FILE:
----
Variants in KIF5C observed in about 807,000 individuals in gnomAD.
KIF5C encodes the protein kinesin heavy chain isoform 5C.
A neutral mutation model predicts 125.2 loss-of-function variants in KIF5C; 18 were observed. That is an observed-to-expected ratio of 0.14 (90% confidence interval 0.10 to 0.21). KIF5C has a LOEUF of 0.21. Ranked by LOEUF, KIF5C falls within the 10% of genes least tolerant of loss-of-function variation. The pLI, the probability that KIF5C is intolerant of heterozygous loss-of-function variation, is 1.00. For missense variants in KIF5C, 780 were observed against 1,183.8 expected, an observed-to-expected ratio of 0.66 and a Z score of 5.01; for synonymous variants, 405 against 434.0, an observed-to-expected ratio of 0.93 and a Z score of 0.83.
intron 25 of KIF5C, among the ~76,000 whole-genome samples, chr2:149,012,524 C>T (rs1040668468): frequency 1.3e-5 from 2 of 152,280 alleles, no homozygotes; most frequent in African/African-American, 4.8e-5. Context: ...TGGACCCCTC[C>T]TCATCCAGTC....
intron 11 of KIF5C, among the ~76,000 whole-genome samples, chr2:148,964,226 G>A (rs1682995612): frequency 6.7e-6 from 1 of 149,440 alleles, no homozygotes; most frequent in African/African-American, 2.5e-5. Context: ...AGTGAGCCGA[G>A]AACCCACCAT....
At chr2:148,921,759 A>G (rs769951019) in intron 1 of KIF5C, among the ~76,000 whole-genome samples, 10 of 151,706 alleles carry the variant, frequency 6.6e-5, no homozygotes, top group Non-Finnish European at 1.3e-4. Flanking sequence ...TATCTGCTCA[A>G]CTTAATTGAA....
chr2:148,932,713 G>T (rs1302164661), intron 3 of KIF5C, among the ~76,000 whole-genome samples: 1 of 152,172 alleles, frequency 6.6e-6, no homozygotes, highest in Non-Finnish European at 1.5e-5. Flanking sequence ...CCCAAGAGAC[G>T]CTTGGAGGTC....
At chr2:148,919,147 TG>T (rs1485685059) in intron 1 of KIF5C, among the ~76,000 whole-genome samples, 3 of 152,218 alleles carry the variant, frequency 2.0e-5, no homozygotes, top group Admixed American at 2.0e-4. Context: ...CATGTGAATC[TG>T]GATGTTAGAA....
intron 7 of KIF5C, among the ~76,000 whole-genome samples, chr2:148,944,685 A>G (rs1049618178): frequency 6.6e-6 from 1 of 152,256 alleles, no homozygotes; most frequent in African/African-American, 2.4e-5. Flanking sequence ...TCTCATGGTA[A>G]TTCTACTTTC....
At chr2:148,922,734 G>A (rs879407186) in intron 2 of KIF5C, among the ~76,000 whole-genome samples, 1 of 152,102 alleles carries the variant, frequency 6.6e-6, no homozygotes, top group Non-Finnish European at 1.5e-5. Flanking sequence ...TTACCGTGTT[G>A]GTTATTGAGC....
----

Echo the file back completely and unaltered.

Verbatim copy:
Variants in KIF5C observed in about 807,000 individuals in gnomAD.
KIF5C encodes the protein kinesin heavy chain isoform 5C.
A neutral mutation model predicts 125.2 loss-of-function variants in KIF5C; 18 were observed. That is an observed-to-expected ratio of 0.14 (90% confidence interval 0.10 to 0.21). KIF5C has a LOEUF of 0.21. Ranked by LOEUF, KIF5C falls within the 10% of genes least tolerant of loss-of-function variation. The pLI, the probability that KIF5C is intolerant of heterozygous loss-of-function variation, is 1.00. For missense variants in KIF5C, 780 were observed against 1,183.8 expected, an observed-to-expected ratio of 0.66 and a Z score of 5.01; for synonymous variants, 405 against 434.0, an observed-to-expected ratio of 0.93 and a Z score of 0.83.
intron 25 of KIF5C, among the ~76,000 whole-genome samples, chr2:149,012,524 C>T (rs1040668468): frequency 1.3e-5 from 2 of 152,280 alleles, no homozygotes; most frequent in African/African-American, 4.8e-5. Context: ...TGGACCCCTC[C>T]TCATCCAGTC....
intron 11 of KIF5C, among the ~76,000 whole-genome samples, chr2:148,964,226 G>A (rs1682995612): frequency 6.7e-6 from 1 of 149,440 alleles, no homozygotes; most frequent in African/African-American, 2.5e-5. Context: ...AGTGAGCCGA[G>A]AACCCACCAT....
At chr2:148,921,759 A>G (rs769951019) in intron 1 of KIF5C, among the ~76,000 whole-genome samples, 10 of 151,706 alleles carry the variant, frequency 6.6e-5, no homozygotes, top group Non-Finnish European at 1.3e-4. Flanking sequence ...TATCTGCTCA[A>G]CTTAATTGAA....
chr2:148,932,713 G>T (rs1302164661), intron 3 of KIF5C, among the ~76,000 whole-genome samples: 1 of 152,172 alleles, frequency 6.6e-6, no homozygotes, highest in Non-Finnish European at 1.5e-5. Flanking sequence ...CCCAAGAGAC[G>T]CTTGGAGGTC....
At chr2:148,919,147 TG>T (rs1485685059) in intron 1 of KIF5C, among the ~76,000 whole-genome samples, 3 of 152,218 alleles carry the variant, frequency 2.0e-5, no homozygotes, top group Admixed American at 2.0e-4. Context: ...CATGTGAATC[TG>T]GATGTTAGAA....
intron 7 of KIF5C, among the ~76,000 whole-genome samples, chr2:148,944,685 A>G (rs1049618178): frequency 6.6e-6 from 1 of 152,256 alleles, no homozygotes; most frequent in African/African-American, 2.4e-5. Flanking sequence ...TCTCATGGTA[A>G]TTCTACTTTC....
At chr2:148,922,734 G>A (rs879407186) in intron 2 of KIF5C, among the ~76,000 whole-genome samples, 1 of 152,102 alleles carries the variant, frequency 6.6e-6, no homozygotes, top group Non-Finnish European at 1.5e-5. Flanking sequence ...TTACCGTGTT[G>A]GTTATTGAGC....